REID, THOMAS MAYNE
REID, THOMAS MAYNE (1818–1883). Thomas Mayne Reid, novelist and adventurer, was born on April 4, 1818, in Ballyroney, County Down, Ireland, the son of Rev. Thomas Mayne Reid, senior clerk of the Irish General Assembly. Intended for the Presbyterian ministry, Reid entered the Royal Academical Institution in Belfast in September 1834 but, being of a rebellious disposition, left the school in 1838 without completing his course of instruction. After briefly running a school in Ballyroney, he sailed for New Orleans in December 1839 aboard the Dumfriesshire. In New York he was employed as a corn factor but left his job after six months, supposedly because he refused to whip slaves. He then sojourned in Nashville, where he served as tutor to the children of Gen. Peyton Robertson and ran, for seven months, the New English, Mathematical, and Classical School. In either Natchez, Mississippi, or Natchitoches, Louisiana, he worked as a clerk for a provision dealer and sometime in 1841 met Commodore Edwin W. Moore, to whom he later dedicated his novel Scalp Hunters (1851). In 1843 Reid was in St. Louis, from where, according to contradictory sources, he either started up the Missouri River in the company of John James Audubon or for Wyoming with Sir William Drummond Stewart. In August of that year his first poem was published in Godey's Magazine over the pseudonym A Poor Scholar, and that fall he first met Edgar Allan Poe in Philadelphia. Reid, Poe later wrote, was "a colossal but most picturesque liar. He fibs on a surprising scale but with the finish of an artist, and that is why I listen to him attentively."
With the outbreak of the Mexican War Reid enlisted in the First New York Volunteer Infantry and on December 3, 1846, was commissioned a second lieutenant. In January 1847 he sailed with his regiment for Mexico with Maj. Gen. Winfield Scott's army, which landed at Vera Cruz. On May 1 the first of Reid's "Sketches by a Skirmisher" was published in the St. Louis Spirit of the Times, for which he was a correspondent, over the pseudonym Ecolier. On September 13 he received a severe thigh wound during the storming of Chapultepec and on September 16 was promoted to first lieutenant. Though accounts that cite Reid as having been the first to scale the castle's walls and plant the United States flag are no doubt in error, he nevertheless did perform with great courage at Chapultepec. In May 1848 he was discharged from the army. By his own account he had been promoted to captain and so referred to himself for the rest of his life, but he is listed only as a first lieutenant in Francis B. Heitman's definitive Historical Register and Dictionary of the U.S. Army.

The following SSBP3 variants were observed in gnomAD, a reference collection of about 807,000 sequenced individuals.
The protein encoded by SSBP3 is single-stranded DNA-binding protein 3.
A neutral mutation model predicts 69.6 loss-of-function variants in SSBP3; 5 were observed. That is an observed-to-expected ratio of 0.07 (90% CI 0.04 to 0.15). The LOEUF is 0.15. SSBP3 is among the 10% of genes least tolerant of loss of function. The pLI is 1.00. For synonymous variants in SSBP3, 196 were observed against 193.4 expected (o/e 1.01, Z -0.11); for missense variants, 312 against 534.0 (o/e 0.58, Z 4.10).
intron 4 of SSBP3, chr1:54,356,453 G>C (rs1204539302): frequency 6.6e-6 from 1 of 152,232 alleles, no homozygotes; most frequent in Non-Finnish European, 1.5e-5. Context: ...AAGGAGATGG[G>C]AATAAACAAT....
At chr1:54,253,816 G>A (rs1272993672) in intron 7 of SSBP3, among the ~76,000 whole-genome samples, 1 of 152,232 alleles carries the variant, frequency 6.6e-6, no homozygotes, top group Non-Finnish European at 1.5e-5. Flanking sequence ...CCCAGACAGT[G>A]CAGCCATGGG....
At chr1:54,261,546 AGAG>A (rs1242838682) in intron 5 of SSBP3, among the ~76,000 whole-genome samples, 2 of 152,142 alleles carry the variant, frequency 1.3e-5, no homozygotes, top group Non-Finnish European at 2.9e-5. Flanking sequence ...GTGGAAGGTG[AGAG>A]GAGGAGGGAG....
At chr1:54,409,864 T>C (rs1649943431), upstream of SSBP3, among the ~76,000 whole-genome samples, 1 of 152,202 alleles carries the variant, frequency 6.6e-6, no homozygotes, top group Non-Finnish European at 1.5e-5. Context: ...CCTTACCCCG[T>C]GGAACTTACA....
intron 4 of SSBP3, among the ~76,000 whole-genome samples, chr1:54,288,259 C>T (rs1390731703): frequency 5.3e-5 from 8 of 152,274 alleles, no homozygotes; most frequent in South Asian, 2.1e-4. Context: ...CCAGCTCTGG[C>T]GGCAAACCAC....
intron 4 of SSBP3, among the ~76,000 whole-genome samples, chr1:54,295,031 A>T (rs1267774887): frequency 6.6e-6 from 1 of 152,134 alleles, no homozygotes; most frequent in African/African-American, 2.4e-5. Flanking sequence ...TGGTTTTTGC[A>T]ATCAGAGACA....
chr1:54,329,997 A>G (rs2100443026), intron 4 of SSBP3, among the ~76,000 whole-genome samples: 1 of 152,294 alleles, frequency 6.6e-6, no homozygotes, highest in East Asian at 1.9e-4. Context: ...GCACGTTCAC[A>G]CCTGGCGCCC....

In October 1848 Reid's first play, Love's Martyr, played for five nights at the Walnut Street Theater in New York. A first rendering of his military experiences in Mexico, War Life, was privately printed in New York on June 27, 1849, and the following month he sailed for England in company with a band of volunteers bound for service in the Bavarian revolution. Rather than accompany them to the Continent, however, Reid returned to his home in Ireland and then settled in London, where in 1850 he wrote The Rifle Rangers. This successful novel was followed in 1851 by The Scalp Hunters, in 1852 by his first juvenile title, The Desert Home, and in 1853 by The Boy Hunters, a highly acclaimed "juvenile scientific travelog" set in Louisiana and Texas. In 1853 he also married the fifteen-year-old Elizabeth Hyde. A string of successful novels followed: The White Chief (1855), The Quadroon (1856), Oceola (1859), and The Headless Horseman (1865), most of which were based on the author's adventures in America. The Headless Horseman was set in Texas and based on a South Texas folk tale. In November 1866, however, Reid was declared bankrupt after spending inordinate amounts of money on a new home, an elaborate reproduction of a Mexican hacienda that he called the Ranche, in England. Hoping to recoup his fortune, he returned to the United States in October 1867 and settled in Newport, Rhode Island. His wife, the daughter of an English aristocrat, disliked America intensely, however, and despite the success of his 1868 novel The Helpless Hand (1868) and a triumphant appearance as a lecturer at New York's Steinway Hall, Reid's second American visit was a failure. In June 1870 he was confined to St. Luke's hospital for several months with complications from his old Chapultepec wound, and on October 22 he and his wife returned to England. There he was again hospitalized, this time for what was diagnosed as acute melancholia. From then Reid's life and work were increasingly unfortunate. Despite hard work on many writing projects, none prospered, and despite a pension from the United States government for his Mexican War service, his financial situation was increasingly pinched. Captain Reid died in London on October 22, 1883, and was buried in Kensal Green Cemetery. His epitaph is a quotation from Scalp Hunters: "This is `weed prairie'; it is misnamed: It is the Garden of God." Although Reid was never considered a major novelist, in England he made a significant contribution to the popular image of the American West as a place of romance and high adventure.
Thomas W. Cutrer, The English Texans (San Antonio: University of Texas Institute of Texan Cultures, 1985). Roy W. Meyer, "The Western Fiction of Mayne Reid," Western American Literature 3 (Summer 1968). Elizabeth Reid, Captain Mayne Reid (London: Greening, 1900). Joan Steele, Captain Mayne Reid (Boston: Twayne, 1978).
The following, adapted from the Chicago Manual of Style, 15th edition, is the preferred citation for this article.Thomas W. Cutrer, "REID, THOMAS MAYNE," Handbook of Texas Online (http://www.tshaonline.org/handbook/online/articles/fre24), accessed May 19, 2013. Published by the Texas State Historical Association.